Review of The Internet Weather, Balancing Continuous Change and Constant Truths by James W Moore    

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It's easy to lose count of the number of books analysing the Internet "phenomenon". Almost without exception they focus on the novelty, rapid change and unpredictability ushered in by the Internet age. James Moore chose the opposite approach, analysing those things that do not change regardless of advancing technology and changing business practice. Moore believes there are four verities, which will become ever more valuable - time, truth, privacy and trust.

Time is a strictly limited commodity, which nobody I know can ever get enough of. We have to use technology to make better use of the limited time available to us. Any company who can help us to do this, and who can make best use of their own time, stands to gain in the economy of the future.

Truth might be expected to be easy to come by in the "information age", but verifiable truth requires time and the involvement of rigorous processes (scientific or journalistic) to corroborate. As time becomes more valuable and information more commonplace, truth gets harder to find. In place of truth we have data, raw information without understanding, and from this we derive "factoids" - statements with a ring of truth that are based upon uncorroborated assumptions. We need to find new ways of looking at information and deriving truth more economically.

Privacy has become a hot topic since the birth of the Internet, it is something we have sacrificed wholesale to technology and now have to buy back piece-by-piece. Today only the rich and famous are prepared to pay regularly for more privacy, but Moore predicts a mass market in the near future for anonymity and privacy products.

Trust is the most elusive of the four verities, the only one that cannot be bought; even the phrase "trust me" tends to have the opposite effect to that intended. Trust can only be earned by investing time, speaking the truth, respecting privacy, and presenting a human face. For the new economy companies who desperately need to earn customer trust, there is no quick fix. Trust is hard to gain and easy to lose.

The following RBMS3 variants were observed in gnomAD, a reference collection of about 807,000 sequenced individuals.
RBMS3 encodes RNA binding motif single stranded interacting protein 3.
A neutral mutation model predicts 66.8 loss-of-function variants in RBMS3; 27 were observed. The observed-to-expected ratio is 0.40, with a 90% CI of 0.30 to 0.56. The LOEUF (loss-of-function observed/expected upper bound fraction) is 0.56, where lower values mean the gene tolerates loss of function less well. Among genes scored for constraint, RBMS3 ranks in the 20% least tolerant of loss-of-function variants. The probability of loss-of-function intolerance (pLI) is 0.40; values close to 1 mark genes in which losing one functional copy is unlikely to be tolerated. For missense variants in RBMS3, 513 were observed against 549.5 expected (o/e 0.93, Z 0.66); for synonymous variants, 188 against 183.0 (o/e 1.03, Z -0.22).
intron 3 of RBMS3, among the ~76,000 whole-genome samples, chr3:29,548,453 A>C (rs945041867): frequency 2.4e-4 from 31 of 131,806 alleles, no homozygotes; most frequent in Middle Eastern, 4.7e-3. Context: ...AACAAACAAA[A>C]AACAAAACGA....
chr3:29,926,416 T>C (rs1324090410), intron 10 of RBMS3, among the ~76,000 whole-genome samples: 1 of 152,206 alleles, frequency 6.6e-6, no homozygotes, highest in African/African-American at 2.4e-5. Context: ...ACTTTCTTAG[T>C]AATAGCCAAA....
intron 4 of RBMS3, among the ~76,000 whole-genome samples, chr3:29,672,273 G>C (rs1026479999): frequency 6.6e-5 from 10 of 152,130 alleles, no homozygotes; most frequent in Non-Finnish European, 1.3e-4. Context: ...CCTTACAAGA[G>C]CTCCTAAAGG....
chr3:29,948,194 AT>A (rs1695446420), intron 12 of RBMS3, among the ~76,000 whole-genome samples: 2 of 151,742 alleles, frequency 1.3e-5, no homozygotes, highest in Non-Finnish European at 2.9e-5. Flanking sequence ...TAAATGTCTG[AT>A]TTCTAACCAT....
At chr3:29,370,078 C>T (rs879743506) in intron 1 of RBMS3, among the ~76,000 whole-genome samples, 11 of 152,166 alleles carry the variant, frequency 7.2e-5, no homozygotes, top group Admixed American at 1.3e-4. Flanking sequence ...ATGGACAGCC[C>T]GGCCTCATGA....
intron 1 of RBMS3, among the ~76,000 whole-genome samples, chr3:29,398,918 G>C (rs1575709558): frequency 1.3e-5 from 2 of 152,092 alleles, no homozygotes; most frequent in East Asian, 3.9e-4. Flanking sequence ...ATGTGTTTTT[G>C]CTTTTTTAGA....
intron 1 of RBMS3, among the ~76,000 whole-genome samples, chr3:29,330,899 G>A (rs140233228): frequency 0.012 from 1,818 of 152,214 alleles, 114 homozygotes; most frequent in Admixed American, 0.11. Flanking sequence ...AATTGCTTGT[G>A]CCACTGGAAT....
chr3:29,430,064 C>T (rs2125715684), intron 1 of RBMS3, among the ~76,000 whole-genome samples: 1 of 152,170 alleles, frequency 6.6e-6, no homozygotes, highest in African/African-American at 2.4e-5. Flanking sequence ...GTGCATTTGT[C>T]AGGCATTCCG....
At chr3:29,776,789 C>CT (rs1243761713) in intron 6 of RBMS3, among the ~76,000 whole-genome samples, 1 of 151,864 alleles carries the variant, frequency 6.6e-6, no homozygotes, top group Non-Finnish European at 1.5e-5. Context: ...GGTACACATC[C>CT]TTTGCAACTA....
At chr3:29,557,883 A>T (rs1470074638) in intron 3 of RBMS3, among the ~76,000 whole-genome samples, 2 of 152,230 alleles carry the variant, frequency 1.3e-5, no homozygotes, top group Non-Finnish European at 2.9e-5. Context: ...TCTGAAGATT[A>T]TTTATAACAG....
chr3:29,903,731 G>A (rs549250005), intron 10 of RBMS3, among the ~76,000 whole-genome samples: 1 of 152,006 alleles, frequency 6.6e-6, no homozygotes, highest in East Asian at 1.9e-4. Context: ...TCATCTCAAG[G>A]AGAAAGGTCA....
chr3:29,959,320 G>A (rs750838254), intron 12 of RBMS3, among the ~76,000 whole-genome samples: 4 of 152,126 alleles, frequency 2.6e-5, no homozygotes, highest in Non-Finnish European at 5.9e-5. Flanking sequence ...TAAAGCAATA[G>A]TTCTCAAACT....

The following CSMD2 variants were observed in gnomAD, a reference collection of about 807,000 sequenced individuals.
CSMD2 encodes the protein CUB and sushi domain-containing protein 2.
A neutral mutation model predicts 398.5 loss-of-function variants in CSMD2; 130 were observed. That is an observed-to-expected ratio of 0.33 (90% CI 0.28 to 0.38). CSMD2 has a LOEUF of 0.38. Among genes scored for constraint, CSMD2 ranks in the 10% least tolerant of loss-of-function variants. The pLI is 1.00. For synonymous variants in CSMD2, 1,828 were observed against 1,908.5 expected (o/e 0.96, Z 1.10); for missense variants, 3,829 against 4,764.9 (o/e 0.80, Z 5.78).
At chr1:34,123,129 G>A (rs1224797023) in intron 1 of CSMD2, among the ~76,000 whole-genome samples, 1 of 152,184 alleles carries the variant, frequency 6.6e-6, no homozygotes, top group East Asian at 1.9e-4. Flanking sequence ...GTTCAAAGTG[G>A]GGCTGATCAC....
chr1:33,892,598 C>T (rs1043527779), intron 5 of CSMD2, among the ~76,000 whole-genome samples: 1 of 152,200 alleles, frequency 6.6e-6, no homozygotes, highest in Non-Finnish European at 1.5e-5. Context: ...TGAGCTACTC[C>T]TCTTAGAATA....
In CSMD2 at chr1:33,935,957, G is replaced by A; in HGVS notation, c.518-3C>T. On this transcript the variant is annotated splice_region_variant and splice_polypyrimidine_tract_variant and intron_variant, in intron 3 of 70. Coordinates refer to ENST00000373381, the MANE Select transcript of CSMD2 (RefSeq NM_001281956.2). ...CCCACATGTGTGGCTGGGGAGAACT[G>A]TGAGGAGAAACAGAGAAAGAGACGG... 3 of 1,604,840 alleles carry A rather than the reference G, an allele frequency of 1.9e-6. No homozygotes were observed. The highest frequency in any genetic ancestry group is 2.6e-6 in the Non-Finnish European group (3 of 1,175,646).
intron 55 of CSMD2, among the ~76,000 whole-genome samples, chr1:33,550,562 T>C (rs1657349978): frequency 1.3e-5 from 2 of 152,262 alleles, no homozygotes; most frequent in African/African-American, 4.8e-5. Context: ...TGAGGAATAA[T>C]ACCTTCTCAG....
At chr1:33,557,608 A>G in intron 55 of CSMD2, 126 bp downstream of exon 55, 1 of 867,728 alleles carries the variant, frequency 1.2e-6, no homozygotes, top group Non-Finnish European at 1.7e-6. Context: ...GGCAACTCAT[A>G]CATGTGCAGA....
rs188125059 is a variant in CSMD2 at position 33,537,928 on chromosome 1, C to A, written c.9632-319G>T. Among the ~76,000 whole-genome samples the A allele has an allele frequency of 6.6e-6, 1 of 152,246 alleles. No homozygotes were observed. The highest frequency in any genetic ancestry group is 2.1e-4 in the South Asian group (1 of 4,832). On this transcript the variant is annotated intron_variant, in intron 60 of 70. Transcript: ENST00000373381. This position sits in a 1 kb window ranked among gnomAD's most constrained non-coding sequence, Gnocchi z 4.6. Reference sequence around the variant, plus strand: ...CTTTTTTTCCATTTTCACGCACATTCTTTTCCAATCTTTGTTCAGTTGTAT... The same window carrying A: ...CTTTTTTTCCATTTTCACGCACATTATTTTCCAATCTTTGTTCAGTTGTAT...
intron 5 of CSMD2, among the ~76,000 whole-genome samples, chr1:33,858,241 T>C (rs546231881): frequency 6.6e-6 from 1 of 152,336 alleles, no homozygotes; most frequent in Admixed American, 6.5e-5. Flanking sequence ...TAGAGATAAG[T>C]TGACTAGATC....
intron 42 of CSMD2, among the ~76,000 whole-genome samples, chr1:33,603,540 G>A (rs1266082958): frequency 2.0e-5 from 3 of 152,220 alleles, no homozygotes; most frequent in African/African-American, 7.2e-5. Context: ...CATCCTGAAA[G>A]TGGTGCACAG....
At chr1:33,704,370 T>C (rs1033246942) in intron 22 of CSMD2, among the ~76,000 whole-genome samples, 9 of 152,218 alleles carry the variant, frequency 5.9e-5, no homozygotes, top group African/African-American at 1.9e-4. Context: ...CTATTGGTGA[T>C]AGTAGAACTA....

Moore goes on to employ another unchanging verity, the law of supply and demand, to posit scenarios in a world where time, truth, privacy and trust are becoming ever more valuable. He draws many conclusions, among them that companies should focus on time savings rather than more immediate cost savings; that focus on the four verities is more important than playing catch-up with shifting technical standards; that the nature of employment is shifting to favour a breed of branded super-freelancer; and that companies must rely on speed rather than wholesale privacy to protect competitive advantage. Moore concludes with a rule of thumb for assessing potential investments, weighing up any new product's effect upon the balance of the four verities to determine whether it is likely to turn out a winner or a loser.

I found the book a little annoying in the first few chapters because of its over-reliance on metaphors, some less enlightening than others. Moore kicks off with the concept that the "Internet Weather" is the atmosphere of events which we must learn to cope with, predict and use to our advantage, and to back this up he gets a meteorologist to introduce the book. This struck me as unnecessary to the point of being distracting, and other less loaded metaphors such as the Internet Atmosphere or the Internet Environment might have served equally well. But for a book with such a wealth of intelligently considered content and conclusions, this is a very small gripe.

© Dan Sumption, May 2002

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